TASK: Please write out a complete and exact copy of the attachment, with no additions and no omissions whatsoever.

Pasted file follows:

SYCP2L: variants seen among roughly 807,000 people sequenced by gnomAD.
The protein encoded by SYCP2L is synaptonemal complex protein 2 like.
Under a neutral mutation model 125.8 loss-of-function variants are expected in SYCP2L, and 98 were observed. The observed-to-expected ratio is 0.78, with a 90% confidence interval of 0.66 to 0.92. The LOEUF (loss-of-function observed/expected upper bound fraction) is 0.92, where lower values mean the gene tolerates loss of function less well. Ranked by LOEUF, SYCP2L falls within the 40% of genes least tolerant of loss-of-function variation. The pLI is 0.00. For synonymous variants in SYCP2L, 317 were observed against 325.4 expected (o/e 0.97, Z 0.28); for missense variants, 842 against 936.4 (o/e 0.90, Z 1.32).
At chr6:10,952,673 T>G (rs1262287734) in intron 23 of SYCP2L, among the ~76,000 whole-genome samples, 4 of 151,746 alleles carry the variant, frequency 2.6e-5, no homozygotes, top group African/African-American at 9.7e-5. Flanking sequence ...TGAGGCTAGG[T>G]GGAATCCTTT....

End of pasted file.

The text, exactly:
SYCP2L: variants seen among roughly 807,000 people sequenced by gnomAD.
The protein encoded by SYCP2L is synaptonemal complex protein 2 like.
Under a neutral mutation model 125.8 loss-of-function variants are expected in SYCP2L, and 98 were observed. The observed-to-expected ratio is 0.78, with a 90% confidence interval of 0.66 to 0.92. The LOEUF (loss-of-function observed/expected upper bound fraction) is 0.92, where lower values mean the gene tolerates loss of function less well. Ranked by LOEUF, SYCP2L falls within the 40% of genes least tolerant of loss-of-function variation. The pLI is 0.00. For synonymous variants in SYCP2L, 317 were observed against 325.4 expected (o/e 0.97, Z 0.28); for missense variants, 842 against 936.4 (o/e 0.90, Z 1.32).
At chr6:10,952,673 T>G (rs1262287734) in intron 23 of SYCP2L, among the ~76,000 whole-genome samples, 4 of 151,746 alleles carry the variant, frequency 2.6e-5, no homozygotes, top group African/African-American at 9.7e-5. Flanking sequence ...TGAGGCTAGG[T>G]GGAATCCTTT....